The theme of these fiendish missives covers a huge range of topics and personal themes.  Lewis was able to manipulate his plot to follow along with several key Christian topics, such as temptation, grace, faith, handling fear, and the difference between good and evil.  Although this is written from a demon point of view, the topics ring true, however twisted they appear.
            There is a very simple plot line in The Screwtape Letters, as this was not intended to be a plot-driven novel.  However, Lewis does follow the life and times of one particular man from his becoming a Christian, to falling in love with a girl through the eyes of his demons.  Other correspondence between Screwtape and Wormwood shows us that war rages in Europe, and we also get a small taste of life as a demon.  Screwtape makes several references to his nephew in regards to his college education and occupational work.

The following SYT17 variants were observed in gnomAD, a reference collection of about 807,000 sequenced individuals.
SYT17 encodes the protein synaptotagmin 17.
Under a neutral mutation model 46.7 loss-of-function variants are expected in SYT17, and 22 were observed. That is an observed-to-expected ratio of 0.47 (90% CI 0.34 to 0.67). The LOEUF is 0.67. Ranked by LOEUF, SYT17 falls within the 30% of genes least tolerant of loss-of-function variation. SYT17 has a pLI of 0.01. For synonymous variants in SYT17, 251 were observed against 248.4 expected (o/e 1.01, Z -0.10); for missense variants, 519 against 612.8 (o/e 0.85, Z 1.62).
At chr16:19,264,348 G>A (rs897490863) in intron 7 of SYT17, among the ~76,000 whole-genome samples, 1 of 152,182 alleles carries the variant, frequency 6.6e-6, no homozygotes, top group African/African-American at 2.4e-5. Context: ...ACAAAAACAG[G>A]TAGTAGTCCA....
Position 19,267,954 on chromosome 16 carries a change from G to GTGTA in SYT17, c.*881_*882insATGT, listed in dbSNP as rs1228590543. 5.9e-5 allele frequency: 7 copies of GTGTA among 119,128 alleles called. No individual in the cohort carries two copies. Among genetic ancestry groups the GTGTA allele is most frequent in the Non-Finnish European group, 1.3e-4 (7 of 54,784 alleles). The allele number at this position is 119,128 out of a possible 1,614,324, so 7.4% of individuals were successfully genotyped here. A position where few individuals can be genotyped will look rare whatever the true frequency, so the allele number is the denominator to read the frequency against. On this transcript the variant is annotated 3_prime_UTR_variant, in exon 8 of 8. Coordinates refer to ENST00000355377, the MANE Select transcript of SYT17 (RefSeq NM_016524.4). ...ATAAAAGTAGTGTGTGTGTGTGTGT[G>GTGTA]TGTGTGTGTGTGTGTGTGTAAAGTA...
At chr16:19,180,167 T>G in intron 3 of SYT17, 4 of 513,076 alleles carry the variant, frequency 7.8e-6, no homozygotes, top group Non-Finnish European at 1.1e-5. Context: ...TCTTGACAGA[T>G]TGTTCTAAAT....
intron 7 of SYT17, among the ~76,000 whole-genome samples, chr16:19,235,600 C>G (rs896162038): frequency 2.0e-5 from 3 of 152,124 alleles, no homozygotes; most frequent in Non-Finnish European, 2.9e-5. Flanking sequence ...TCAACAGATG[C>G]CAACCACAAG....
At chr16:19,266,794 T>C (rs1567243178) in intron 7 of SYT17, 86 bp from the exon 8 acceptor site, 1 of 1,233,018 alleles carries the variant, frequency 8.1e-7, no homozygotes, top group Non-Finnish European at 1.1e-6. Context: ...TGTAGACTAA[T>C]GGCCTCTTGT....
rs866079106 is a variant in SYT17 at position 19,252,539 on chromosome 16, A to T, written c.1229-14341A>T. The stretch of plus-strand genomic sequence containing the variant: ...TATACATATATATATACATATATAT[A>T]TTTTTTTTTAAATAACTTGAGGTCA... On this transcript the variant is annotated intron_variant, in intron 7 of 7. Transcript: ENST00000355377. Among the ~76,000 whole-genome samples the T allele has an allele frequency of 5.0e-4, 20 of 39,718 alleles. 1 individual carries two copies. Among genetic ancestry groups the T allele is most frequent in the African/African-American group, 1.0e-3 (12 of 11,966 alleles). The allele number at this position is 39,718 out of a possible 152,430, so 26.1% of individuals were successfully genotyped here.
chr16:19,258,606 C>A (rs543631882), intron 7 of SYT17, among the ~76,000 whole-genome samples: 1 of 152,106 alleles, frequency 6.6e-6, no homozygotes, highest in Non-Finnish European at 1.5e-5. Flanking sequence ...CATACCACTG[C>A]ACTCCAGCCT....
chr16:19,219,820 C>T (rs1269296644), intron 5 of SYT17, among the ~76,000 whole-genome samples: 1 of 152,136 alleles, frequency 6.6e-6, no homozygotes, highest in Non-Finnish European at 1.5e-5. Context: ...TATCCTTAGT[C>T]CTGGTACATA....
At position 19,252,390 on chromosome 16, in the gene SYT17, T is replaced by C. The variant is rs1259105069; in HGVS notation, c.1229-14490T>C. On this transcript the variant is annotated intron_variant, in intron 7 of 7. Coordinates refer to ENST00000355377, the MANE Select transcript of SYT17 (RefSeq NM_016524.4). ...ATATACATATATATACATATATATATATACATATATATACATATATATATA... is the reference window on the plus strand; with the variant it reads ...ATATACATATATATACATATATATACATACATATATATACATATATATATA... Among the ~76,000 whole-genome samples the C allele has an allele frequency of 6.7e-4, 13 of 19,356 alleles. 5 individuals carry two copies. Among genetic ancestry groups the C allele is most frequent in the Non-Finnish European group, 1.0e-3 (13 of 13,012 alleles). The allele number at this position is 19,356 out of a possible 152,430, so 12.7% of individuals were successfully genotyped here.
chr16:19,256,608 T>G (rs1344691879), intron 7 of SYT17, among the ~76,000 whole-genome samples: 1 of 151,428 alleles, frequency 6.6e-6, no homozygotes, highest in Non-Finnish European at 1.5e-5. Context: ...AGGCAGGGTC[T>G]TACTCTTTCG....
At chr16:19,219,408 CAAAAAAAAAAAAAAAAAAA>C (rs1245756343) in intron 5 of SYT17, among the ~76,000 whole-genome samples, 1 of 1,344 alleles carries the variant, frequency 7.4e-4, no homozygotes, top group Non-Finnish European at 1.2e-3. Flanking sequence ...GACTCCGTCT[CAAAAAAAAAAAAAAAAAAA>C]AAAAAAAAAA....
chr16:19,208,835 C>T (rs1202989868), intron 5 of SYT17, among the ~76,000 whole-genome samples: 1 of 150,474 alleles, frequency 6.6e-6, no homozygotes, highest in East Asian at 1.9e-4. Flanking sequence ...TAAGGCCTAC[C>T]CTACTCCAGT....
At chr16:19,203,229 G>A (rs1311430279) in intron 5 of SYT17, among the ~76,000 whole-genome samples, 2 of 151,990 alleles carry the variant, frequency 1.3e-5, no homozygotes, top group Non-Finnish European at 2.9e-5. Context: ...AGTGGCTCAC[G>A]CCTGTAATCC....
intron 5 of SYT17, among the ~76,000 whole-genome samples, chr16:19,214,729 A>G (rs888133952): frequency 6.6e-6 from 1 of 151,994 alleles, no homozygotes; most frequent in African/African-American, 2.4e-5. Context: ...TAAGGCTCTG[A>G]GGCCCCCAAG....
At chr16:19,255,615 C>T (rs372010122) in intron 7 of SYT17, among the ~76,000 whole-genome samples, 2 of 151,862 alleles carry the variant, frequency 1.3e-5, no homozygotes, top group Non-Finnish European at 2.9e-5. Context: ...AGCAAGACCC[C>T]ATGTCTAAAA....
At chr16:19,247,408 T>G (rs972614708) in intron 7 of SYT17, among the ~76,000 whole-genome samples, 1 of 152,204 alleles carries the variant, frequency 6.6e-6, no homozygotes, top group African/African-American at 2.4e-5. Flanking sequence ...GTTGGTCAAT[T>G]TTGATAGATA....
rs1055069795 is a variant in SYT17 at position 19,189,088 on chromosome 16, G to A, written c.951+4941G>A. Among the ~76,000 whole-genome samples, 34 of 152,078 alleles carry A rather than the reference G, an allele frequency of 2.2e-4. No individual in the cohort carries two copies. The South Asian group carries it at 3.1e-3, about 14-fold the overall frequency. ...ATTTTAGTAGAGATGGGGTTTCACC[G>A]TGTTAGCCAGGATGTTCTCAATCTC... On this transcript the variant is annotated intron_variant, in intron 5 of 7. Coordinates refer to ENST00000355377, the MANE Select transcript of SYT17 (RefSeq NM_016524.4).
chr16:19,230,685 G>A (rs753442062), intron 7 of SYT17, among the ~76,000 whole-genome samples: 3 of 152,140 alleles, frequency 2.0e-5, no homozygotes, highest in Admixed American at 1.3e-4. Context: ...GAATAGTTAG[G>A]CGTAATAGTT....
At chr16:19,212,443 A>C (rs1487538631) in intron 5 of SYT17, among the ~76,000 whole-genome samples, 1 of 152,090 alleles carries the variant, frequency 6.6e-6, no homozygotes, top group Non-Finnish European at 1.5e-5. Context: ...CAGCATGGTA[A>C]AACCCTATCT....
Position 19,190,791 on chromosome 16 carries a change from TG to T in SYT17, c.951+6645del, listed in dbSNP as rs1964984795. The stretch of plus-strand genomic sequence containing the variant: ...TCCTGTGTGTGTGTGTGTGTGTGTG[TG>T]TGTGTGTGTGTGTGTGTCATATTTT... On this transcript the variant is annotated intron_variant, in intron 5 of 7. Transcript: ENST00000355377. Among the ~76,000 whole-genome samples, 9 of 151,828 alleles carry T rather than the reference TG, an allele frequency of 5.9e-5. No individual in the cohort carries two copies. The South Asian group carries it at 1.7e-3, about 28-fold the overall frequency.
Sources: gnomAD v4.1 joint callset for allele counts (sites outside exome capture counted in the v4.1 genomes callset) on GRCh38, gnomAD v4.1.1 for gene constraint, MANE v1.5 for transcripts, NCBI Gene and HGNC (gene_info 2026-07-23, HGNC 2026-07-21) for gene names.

Screwtape is the writer of the letters, and though we never see any of Wormwood’s letters, we learn that Screwtape is a very brusque uncle, but he does care about the well-being and success of his nephew.  Screwtape has a habit of getting quite angry at Wormwood, to the point that in one letter, he cannot finish writing, and his secretary must continue because Screwtape changes into a giant centipede.  This is rather startling to see how much Screwtape can evolve due to his emotions.
            We also learn through the messages Screwtape writes about the Enemy.  Because The Screwtape Letters is based upon a Christian foundation, the Enemy is actually the Holy Trinity and His angels.  Screwtape goes to great lengths to warn Wormwood at what the Enemy is capable of, how to avoid detection when working against the Enemy, and what the Enemy wants for the humans He created.  Screwtape has a horrible hatred of the Enemy, but he is also forced to confess his fear and the overwhelming sense of power that the Enemy wields.